Trump Blames Russian Connection ‘Conspiracy Theories’ on Clinton Campaign ‘Cover Up’

Erik Ortiz and Adam Reiss
Republican U.S. presidential nominee Donald Trump speaks during their presidential town hall debate with Democratic U.S. presidential nominee Hillary Clinton at Washington University in St. Louis, Missouri, U.S.
Shannon Stapleton | Reuters

President Donald Trump blamed "conspiracy theories and blind hatred" — and an attempt to "cover-up" for Hillary Clinton's failed presidential campaign — in a series of tweets Wednesday morning as he tried to distance himself from any links to Russia.

Trump tweeted that the "fake news media is going crazy with their conspiracy theories and blind hatred," and added that "this Russian connection non-sense is merely an attempt to cover-up the many mistakes made in Hillary Clinton's losing campaign."

@realDonaldTrump: This Russian connection non-sense is merely an attempt to cover-up the many mistakes made in Hillary Clinton's losing campaign.

Trump and Clinton sparred during the campaign over U.S. intelligence reports that said Moscow was involved in the cyberattacks meant to influence the 2016 presidential election — and help Trump win the White House.

@realDonaldTrump: The fake news media is going crazy with their conspiracy theories and blind hatred. @MSNBC & @CNN are unwatchable. @foxandfriends is great!

Trump for weeks questioned the veracity of those reports before finally acknowledging in a news conference days before he was sworn in that he believes Russia was behind the hacks.

But the White House's connection with the Kremlin — and how deep it runs — remains under scrutiny, which has only ramped up this week

Ex-National Security Adviser Mike Flynn on Monday night resigned after admitting to misleading Vice President Mike Pence and other senior administration officials about conversations he had with the Russian ambassador to the United States in December — before Trump took office.

Those phone calls included talking about the hacking-related sanctions imposed by the Obama administration against Russia for allegedly meddling in the election.

Pence went on news outlets to repeatedly back up Flynn, but the Department of Justice had warned the White House in January about the national security adviser's communications — and that he opened himself up to be the subject of Russian blackmail.

The fallout led Flynn to resign Monday at the request of Trump.

Democrats have called for an independent investigation into the chain of events involving the scandal, but Republicans have so far resisted doing so.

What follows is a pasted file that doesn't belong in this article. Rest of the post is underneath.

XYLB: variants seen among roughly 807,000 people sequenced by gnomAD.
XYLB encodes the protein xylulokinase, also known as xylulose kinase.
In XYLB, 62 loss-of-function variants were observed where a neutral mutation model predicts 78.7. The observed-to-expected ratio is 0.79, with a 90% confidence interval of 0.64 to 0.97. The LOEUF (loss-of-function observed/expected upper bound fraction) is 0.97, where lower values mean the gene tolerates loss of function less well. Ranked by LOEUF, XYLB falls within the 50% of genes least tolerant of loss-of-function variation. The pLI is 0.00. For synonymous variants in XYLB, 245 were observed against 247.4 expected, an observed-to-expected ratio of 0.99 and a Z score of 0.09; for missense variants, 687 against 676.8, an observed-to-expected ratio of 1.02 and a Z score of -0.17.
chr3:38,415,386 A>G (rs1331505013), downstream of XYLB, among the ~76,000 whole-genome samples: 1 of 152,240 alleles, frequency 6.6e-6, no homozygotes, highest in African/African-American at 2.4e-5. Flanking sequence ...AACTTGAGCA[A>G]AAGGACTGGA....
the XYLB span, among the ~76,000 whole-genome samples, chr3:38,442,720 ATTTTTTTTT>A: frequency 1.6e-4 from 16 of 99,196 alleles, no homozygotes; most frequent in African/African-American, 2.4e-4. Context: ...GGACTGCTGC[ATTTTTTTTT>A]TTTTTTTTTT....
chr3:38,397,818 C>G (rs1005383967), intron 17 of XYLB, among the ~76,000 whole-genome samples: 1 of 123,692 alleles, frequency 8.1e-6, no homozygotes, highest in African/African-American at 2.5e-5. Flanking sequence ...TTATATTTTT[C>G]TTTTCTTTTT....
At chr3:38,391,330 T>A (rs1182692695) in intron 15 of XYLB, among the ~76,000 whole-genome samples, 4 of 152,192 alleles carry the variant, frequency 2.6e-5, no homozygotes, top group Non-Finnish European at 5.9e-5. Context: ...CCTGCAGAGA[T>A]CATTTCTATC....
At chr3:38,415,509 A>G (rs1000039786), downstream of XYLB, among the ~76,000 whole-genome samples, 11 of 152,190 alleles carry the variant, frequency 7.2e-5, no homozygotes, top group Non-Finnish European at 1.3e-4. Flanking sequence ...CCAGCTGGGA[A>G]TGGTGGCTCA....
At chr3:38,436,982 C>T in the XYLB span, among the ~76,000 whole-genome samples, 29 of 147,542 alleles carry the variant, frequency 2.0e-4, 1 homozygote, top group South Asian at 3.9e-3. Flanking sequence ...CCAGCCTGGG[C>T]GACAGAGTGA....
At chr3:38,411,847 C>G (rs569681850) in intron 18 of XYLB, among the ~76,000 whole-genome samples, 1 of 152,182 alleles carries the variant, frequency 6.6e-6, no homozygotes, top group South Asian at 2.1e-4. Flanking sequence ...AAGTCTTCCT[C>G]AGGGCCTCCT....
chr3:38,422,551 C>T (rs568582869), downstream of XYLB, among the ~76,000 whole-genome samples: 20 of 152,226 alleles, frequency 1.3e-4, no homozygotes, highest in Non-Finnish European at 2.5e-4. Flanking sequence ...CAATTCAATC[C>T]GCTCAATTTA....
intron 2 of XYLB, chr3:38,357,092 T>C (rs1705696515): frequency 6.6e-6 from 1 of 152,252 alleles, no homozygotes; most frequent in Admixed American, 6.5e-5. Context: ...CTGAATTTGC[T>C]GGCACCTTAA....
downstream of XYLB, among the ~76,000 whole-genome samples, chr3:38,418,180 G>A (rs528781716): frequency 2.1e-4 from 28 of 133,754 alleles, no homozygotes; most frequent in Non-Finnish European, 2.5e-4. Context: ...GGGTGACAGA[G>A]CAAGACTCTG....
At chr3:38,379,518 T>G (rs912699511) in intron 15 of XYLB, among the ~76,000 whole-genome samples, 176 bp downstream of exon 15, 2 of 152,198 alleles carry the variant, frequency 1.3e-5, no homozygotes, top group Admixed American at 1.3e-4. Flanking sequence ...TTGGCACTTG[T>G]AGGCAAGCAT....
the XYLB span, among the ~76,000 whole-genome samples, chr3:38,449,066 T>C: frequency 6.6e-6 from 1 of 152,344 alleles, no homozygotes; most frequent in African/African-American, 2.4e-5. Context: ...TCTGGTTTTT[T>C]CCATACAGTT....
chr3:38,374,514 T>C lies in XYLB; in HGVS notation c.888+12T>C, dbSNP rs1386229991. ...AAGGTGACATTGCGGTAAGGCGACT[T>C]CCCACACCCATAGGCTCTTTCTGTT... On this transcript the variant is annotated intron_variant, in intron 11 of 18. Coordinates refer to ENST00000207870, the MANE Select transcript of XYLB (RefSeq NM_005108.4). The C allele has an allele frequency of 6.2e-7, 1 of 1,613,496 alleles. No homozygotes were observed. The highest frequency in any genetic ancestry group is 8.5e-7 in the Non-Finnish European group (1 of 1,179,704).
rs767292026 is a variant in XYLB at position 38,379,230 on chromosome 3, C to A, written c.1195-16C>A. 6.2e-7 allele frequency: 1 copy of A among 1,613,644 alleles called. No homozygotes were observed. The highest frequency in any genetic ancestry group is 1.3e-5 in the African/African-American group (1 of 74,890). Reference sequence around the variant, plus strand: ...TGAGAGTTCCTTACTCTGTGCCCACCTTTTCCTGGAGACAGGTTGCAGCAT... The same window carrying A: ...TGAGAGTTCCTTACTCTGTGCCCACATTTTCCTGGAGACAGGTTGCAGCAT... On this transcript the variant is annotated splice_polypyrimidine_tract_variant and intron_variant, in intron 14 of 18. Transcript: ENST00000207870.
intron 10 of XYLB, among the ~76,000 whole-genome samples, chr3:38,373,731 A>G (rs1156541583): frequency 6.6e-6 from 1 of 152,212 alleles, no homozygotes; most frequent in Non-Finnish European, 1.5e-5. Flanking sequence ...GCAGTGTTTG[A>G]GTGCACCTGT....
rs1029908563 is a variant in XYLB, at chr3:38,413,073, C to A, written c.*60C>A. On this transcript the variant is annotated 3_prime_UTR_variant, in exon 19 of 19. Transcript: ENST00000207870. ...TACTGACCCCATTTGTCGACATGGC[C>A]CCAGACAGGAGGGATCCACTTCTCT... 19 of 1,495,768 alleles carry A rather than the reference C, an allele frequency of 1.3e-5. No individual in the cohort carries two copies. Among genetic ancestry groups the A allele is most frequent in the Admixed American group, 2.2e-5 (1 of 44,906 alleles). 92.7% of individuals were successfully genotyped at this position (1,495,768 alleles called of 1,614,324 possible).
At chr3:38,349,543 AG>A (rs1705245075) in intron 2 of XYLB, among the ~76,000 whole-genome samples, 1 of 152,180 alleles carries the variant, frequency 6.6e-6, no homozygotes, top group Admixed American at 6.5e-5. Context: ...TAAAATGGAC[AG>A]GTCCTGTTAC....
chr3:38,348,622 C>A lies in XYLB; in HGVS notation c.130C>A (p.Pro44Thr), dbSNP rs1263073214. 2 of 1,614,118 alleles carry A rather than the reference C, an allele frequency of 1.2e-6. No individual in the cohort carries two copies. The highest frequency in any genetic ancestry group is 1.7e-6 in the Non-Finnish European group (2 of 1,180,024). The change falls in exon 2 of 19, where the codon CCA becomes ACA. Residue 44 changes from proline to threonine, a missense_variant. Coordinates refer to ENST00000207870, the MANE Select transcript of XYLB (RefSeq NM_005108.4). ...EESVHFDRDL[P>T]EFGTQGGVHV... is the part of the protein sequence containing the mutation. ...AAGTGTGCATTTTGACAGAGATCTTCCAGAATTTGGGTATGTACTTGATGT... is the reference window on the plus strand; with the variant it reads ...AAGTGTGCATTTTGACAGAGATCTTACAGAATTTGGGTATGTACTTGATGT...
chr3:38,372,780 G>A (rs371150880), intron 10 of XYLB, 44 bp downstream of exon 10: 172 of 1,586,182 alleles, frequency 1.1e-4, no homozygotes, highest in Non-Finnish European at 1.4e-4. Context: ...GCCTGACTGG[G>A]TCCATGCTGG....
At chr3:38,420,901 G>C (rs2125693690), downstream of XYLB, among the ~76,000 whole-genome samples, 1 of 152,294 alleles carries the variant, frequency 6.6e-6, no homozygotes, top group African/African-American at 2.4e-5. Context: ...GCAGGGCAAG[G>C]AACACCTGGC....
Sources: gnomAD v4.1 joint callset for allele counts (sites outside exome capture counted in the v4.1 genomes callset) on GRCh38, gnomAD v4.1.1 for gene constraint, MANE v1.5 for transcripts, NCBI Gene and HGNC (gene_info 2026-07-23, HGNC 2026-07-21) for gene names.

The New York Times raised further questions Tuesday night in a report that said intercepted phone calls by American law enforcement revealed Trump campaign officials had repeated contact with Russian intelligence in the year leading up to the election.

More from NBC News:
Putting the pieces of the Russia story together
A timeline of Mike Flynn's rise and fall and the Russia call
Ohio Trump voters, unfazed by Flynn resignation and White House drama, remain faithful

That report sent Brian Fallon, who served as Clinton's presidential campaign spokesman, in a tizzy on Twitter.

"Everything we suspected during the campaign is proving true," he wrote. "This is a colossal scandal."

The Times reported that there is no evidence that there was any cooperation between the Trump campaign and the Russians over influencing the election. NBC News has not confirmed the details in the report.

Trump on Wednesday took swipes at the intelligence community for "illegally" leaking information to "failing" newspaper outlets.

He directed other tweets focusing on whether it was the Obama administration that was "too soft" on Russia and calling it "un-American" to leak classified information.

@realDonaldTrump: Crimea was TAKEN by Russia during the Obama Administration. Was Obama too soft on Russia?

@realDonaldTrump: The real scandal here is that classified information is illegally given out by "intelligence" like candy. Very un-American!

Meanwhile, former Trump campaign Paul Manafort — who resigned in August amid questions about his ties to pro-Russia interests in Ukraine — told NBC News on Wednesday that "I had no contact knowingly with Russian intelligence officials."

Manafort was reportedly one of the Trump campaign officials whose communications were investigated by the FBI, according the Times.

"I don't think it's possible I could have even inadvertently had discussions with Russian officials," he added. "It's not like they wear badges. The story is not true."

Trump was scheduled to hold a news conference at noon Wednesday with Israeli Prime Minister Benjamin Netanyahu, who is visiting the White House. The meeting could help shape several policies involving the Middle East, from security to settlements.